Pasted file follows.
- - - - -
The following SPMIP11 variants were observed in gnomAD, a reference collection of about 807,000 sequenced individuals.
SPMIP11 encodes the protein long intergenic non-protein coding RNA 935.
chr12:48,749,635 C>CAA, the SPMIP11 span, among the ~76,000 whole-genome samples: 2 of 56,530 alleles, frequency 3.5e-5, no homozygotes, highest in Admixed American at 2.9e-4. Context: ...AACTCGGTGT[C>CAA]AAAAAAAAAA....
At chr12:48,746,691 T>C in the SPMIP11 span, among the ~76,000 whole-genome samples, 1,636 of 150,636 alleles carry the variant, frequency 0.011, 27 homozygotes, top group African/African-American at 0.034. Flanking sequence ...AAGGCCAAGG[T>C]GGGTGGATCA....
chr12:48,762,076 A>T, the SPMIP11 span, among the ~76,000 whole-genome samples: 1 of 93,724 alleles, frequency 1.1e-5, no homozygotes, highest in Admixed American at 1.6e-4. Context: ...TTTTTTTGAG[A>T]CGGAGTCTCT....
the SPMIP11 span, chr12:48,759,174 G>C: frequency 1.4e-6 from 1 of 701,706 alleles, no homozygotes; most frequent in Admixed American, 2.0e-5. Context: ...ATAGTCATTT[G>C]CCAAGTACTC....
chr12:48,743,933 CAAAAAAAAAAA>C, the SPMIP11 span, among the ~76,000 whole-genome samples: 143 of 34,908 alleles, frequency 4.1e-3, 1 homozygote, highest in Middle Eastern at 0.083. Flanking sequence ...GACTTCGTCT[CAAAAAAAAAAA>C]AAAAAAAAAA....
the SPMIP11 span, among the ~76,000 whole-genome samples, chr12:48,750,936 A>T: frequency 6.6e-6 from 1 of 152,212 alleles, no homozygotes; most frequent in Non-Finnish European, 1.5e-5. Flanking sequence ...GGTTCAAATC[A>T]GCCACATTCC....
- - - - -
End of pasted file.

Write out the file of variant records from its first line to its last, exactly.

The following SPMIP11 variants were observed in gnomAD, a reference collection of about 807,000 sequenced individuals.
SPMIP11 encodes the protein long intergenic non-protein coding RNA 935.
chr12:48,749,635 C>CAA, the SPMIP11 span, among the ~76,000 whole-genome samples: 2 of 56,530 alleles, frequency 3.5e-5, no homozygotes, highest in Admixed American at 2.9e-4. Context: ...AACTCGGTGT[C>CAA]AAAAAAAAAA....
At chr12:48,746,691 T>C in the SPMIP11 span, among the ~76,000 whole-genome samples, 1,636 of 150,636 alleles carry the variant, frequency 0.011, 27 homozygotes, top group African/African-American at 0.034. Flanking sequence ...AAGGCCAAGG[T>C]GGGTGGATCA....
chr12:48,762,076 A>T, the SPMIP11 span, among the ~76,000 whole-genome samples: 1 of 93,724 alleles, frequency 1.1e-5, no homozygotes, highest in Admixed American at 1.6e-4. Context: ...TTTTTTTGAG[A>T]CGGAGTCTCT....
the SPMIP11 span, chr12:48,759,174 G>C: frequency 1.4e-6 from 1 of 701,706 alleles, no homozygotes; most frequent in Admixed American, 2.0e-5. Context: ...ATAGTCATTT[G>C]CCAAGTACTC....
chr12:48,743,933 CAAAAAAAAAAA>C, the SPMIP11 span, among the ~76,000 whole-genome samples: 143 of 34,908 alleles, frequency 4.1e-3, 1 homozygote, highest in Middle Eastern at 0.083. Flanking sequence ...GACTTCGTCT[CAAAAAAAAAAA>C]AAAAAAAAAA....
the SPMIP11 span, among the ~76,000 whole-genome samples, chr12:48,750,936 A>T: frequency 6.6e-6 from 1 of 152,212 alleles, no homozygotes; most frequent in Non-Finnish European, 1.5e-5. Flanking sequence ...GGTTCAAATC[A>T]GCCACATTCC....